Rallying for river protections

Telegraph photo by ADAM URQUHART With the Clocktower Place apartment structure at right, the Nashua River runs through the heart of the Gate City. Members of Congress representing both New Hampshire and Massachusetts this week introduced legislation to designate portions of the Nashua, Squannacook and Nissitissit rivers as part of the National Wild and Scenic Rivers System.

NASHUA -Water in the Nashua River often ran a rusty red in the 1960s because of intense pollution, as it was one of the nation’s most contaminated waterways.

Those who were around to witness the water conditions may remember seeing a different color flowing down the river each day, depending on what sort of pollution was most recently discharged.

The river winds through southern New Hampshire and northern Massachusetts. In recognizing how far this restoration effort has come, members of Congress from both states introduced legislation this week to designate portions of the Nashua, Squannacook and Nissitissit as part of the National Wild and Scenic Rivers System.

Under this legislation, a locally appointed advisory committee would be created to work with state and federal agencies to protect values intrinsic to the river and direct the rivers to be managed in accordance with the Nashua, Squannacook and Nissitissit Rivers Stewardship Plan, while preserving existing uses. This legislation was introduced by Sens. Edward Markey and Elizabeth Warren, along with U.S. Rep. Lori Trahan of Massachusetts, as welll as Sens. Jeanne Shaheen and Maggie Hassan, along with U.S. Rep. Annie Kuster.

“It has taken decades of work, but the Nashua River has gone from one of the country’s most polluted rivers to a distinguished model for river restoration,” Markey said.

He said this legislation safeguards the watershed so generations to come can continue to canoe and fish in its waters, or hike along its trails. As it is, the Nashua River Watershed encompasses 538 square miles of land in northern Massachusetts and southern New Hampshire. All or portions of 32 communities sit within the geographic bounds of the watershed, serving as a home to roughly 250,000 people living in both urban areas and rural communities.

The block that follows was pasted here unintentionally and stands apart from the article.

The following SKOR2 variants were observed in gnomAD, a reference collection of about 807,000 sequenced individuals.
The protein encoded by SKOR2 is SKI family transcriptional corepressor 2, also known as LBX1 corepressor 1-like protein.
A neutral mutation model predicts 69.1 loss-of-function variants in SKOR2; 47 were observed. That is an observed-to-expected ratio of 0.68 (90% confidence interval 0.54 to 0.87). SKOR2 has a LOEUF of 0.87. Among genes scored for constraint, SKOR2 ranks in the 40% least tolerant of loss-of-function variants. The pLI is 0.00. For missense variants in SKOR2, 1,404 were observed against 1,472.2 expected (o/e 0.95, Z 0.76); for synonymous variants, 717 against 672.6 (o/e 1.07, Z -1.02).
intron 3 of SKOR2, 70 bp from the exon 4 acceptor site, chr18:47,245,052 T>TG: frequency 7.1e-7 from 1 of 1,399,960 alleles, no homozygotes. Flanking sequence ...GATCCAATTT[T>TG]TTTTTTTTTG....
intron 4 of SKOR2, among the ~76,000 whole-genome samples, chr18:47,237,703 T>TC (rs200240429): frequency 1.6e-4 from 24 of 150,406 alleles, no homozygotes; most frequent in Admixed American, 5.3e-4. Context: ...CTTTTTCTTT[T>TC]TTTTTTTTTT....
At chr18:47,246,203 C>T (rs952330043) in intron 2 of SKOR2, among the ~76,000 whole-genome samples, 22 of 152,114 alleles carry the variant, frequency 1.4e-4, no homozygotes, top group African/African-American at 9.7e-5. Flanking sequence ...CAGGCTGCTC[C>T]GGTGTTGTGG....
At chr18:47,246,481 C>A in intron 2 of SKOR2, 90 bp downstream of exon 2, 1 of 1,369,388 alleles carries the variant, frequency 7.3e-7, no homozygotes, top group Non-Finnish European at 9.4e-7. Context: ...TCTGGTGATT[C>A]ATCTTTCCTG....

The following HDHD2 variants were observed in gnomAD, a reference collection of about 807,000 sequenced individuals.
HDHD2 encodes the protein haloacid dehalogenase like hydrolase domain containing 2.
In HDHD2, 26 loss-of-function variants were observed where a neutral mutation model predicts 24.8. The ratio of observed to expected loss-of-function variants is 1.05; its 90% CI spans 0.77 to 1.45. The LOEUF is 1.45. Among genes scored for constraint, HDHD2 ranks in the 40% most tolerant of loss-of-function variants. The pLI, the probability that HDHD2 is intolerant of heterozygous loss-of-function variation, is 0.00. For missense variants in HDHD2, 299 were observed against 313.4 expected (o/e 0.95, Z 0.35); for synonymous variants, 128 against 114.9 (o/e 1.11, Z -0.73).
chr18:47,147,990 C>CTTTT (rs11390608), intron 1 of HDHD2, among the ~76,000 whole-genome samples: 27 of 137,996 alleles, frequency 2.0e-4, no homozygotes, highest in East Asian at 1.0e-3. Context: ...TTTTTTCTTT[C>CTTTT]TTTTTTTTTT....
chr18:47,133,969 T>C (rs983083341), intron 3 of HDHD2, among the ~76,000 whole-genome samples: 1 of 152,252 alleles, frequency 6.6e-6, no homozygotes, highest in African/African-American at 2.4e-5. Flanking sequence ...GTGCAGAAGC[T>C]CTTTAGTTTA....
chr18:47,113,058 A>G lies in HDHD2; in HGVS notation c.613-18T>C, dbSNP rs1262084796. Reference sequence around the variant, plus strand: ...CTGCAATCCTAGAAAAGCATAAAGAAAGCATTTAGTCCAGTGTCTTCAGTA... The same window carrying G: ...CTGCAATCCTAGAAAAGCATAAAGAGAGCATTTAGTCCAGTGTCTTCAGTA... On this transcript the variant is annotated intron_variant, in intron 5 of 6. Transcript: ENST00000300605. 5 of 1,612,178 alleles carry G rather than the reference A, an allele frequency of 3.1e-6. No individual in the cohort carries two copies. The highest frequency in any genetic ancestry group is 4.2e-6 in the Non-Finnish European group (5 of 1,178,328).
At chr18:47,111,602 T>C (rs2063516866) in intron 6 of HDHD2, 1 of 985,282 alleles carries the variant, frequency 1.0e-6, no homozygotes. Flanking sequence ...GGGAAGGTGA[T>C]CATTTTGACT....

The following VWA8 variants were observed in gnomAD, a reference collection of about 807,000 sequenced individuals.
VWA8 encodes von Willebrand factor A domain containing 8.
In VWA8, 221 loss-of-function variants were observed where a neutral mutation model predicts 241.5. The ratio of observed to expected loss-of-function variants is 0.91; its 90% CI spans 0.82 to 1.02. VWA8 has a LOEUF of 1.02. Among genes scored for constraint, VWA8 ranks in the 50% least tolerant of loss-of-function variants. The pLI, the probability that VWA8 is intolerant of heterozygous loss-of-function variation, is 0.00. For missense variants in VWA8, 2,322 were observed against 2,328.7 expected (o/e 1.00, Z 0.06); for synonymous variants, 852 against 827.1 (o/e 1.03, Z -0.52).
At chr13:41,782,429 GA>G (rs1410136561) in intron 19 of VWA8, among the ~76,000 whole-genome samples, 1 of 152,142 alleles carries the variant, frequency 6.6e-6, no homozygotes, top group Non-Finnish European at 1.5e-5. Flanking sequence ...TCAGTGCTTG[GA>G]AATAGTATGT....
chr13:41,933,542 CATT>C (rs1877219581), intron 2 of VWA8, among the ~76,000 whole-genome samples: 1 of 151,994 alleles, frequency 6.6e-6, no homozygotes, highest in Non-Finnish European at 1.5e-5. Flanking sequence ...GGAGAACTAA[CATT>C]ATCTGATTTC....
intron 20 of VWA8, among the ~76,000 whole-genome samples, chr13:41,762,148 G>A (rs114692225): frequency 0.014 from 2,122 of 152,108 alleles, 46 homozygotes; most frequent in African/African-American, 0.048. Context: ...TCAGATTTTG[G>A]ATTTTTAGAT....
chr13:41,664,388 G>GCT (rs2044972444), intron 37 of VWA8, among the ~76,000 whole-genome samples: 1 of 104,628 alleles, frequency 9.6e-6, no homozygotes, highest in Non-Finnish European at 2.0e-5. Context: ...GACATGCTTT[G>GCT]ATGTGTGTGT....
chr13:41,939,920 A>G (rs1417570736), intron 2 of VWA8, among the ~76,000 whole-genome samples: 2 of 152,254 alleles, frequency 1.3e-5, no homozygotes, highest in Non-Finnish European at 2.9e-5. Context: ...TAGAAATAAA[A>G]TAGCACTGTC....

“While great strides have been made over the years to remove pollution and conserve swaths of the region, there is still much work to be done,” Trahan said.

In the 1960s, it was legal to discard untreated sewage and industrial waste directly into rivers in the U.S. Howewer, when Marion Stoddart moved to the Greater Nashua area with her family in 1962, she made it a mission to restore the river by mobilizing industry leaders, government officials and a collection of concerned residents. She was actually the one who founded the Nashua River Watershed Association (NRWA) in 1969. She also worked tirelessly to push for state and federal legislation.

“Thanks to the work of dedicated community leaders, the Nashua River has undergone a remarkable transformation into the pristine river we know today,” Hassan said “This legislation will help continue to protect this watershed so its beauty can be enjoyed by future generations.”

Today, a wide variety of plants and animals inhabit this natural resource, including various fish, turtles and birds such as bald eagles among other creatures. Now that thousands of plant and animal species have returned, so to have recreation opportunities for people to boat, fish and enjoy all that the river and surrounding land has to offer. Lawmakers want to see it stay that way.

“This legislation will help our community preserve the Nashua River’s waters and wildlife, which benefits New Hampshire and the broader New England region,” Shaheen said.

She also expressed the importance of protecting the progress made to this point so Granite Staters and tourists can continue to enjoy this waterway for years to come. Echoing her thoughts, Kuster said this is an important step toward safeguarding these resources and habitats for future generations.

“This designation enjoys broad, local support from conservation groups, regional planning commissions and individual towns that have a vested interest in protecting the river system for years to come,” Kuster said.

“We are proud to be a part of a community that shares the natural beauty and benefits of the Nashua River and its tributaries,” Warren added. “Our legislation will help preserve, manager and protect these irreplaceable rivers.”

Adam Urquhart may be contacted at 594-1206, or at aurquhart@nashuatelegraph.com.

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